This is an old link but one I meant to share a while back because I enjoyed it. Giovanni Tiso notes that critical discussion of both Avatar and past injustices against Haiti are being decried as inappropriate, the former because hey, it's just a movie, and the latter because a tragedy is no time to try to hash out our complicity in Haiti's poverty.
Similar backlash occurred after 9/11 in the U.S., when any attempt to analyze whether U.S. policy had contributed to the rise of Al-Qaeda was treated as heartless political pandering. It's just another instance of the tyranny of the OR, where it's assumed one can't be both analytical and sympathetic. I would hope we're able to appreciate that real-life is more nuanced than that, even if we can't tolerate that level of complexity from our mass entertainment.
Besides, I’m a consumer of information just like everybody else, of serious, sometimes cataclysmic front page news that bleeds into entertainment news and back again, a phenomenon made even more pronounced by the design of Web pages and aggregators and by the nature of hypertext if, like me, you get most of your news online.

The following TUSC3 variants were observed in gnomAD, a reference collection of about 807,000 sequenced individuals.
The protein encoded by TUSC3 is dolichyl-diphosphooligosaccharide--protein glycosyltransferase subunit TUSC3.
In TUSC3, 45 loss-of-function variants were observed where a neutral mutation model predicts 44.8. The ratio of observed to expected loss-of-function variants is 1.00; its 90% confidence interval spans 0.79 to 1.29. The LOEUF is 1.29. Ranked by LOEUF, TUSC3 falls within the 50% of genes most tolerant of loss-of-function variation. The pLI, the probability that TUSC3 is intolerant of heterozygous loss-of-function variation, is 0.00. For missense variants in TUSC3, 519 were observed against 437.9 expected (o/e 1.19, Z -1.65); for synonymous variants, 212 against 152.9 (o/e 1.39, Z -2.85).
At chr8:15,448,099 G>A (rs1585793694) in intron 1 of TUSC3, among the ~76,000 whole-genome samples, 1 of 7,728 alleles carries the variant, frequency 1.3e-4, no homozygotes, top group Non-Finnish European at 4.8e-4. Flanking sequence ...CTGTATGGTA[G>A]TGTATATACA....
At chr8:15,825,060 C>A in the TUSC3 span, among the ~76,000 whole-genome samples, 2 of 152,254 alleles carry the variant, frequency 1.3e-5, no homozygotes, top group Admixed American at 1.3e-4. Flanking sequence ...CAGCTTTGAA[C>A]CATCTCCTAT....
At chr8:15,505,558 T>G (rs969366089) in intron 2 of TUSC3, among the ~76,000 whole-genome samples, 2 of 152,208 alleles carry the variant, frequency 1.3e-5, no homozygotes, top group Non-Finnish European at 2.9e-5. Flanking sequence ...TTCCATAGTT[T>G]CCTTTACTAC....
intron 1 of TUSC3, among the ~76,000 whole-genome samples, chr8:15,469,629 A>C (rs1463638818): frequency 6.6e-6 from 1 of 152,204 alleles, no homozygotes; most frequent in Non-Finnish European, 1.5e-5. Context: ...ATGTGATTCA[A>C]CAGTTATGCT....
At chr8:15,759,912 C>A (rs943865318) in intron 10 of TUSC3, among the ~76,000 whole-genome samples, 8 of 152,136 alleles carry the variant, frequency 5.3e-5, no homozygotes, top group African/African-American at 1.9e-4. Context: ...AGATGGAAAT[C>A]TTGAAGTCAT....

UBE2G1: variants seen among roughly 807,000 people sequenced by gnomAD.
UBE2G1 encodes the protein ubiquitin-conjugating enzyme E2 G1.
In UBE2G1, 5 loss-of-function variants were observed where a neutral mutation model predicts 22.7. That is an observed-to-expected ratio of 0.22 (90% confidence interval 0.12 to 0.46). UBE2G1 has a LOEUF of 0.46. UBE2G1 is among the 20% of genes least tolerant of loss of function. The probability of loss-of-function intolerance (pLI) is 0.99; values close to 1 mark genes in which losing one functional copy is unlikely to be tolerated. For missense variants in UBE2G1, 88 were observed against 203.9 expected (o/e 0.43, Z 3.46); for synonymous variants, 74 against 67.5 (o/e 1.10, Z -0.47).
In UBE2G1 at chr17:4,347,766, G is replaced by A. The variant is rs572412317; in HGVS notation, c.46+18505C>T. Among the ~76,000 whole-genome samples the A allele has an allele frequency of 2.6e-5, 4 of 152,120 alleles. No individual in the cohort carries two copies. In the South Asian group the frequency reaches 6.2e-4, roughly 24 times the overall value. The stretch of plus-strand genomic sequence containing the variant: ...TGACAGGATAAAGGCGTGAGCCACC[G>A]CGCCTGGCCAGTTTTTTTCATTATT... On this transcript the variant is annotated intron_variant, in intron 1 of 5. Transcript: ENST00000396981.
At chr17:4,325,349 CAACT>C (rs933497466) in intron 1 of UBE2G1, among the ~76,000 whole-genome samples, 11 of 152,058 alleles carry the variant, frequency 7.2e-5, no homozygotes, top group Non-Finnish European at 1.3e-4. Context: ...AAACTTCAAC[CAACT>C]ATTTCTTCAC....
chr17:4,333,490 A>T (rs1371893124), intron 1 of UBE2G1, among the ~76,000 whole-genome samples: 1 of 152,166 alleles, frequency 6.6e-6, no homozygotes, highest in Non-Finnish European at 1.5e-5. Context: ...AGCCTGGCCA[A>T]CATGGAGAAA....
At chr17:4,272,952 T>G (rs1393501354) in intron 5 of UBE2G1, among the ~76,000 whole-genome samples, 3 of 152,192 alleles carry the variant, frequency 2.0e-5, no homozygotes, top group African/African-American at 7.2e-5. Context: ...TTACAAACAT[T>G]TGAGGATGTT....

In that environment, it is quite natural that James Cameron should accept an award in the name of a people that is indigenous only to his head, and that it should be greeted at best with a collective smirk or shrug or guffaw, since after all it was done in the spirit and logic of the times, while actual political statements of demonstrable historical urgency, like Peter Hallward’s, attract offense and derision. And this same spirit and logic will dictate that an immense human tragedy that weighs on the shoulders of the international community should be consumed as an act of God, outside of history, in the same present tense as entertainment, asking of us only that we fill that void with as many random quick fire donations - think of the convenience of texting for relief - as we can fit in the course of our normal activities and in the time allotted for caring for such things.
There is only one thing worse than white liberal guilt, and it’s white liberal guiltlessness, demanding that history not be ‘brought into it’, that memory be erased. We must fight that. And, yes, give, and give discriminately.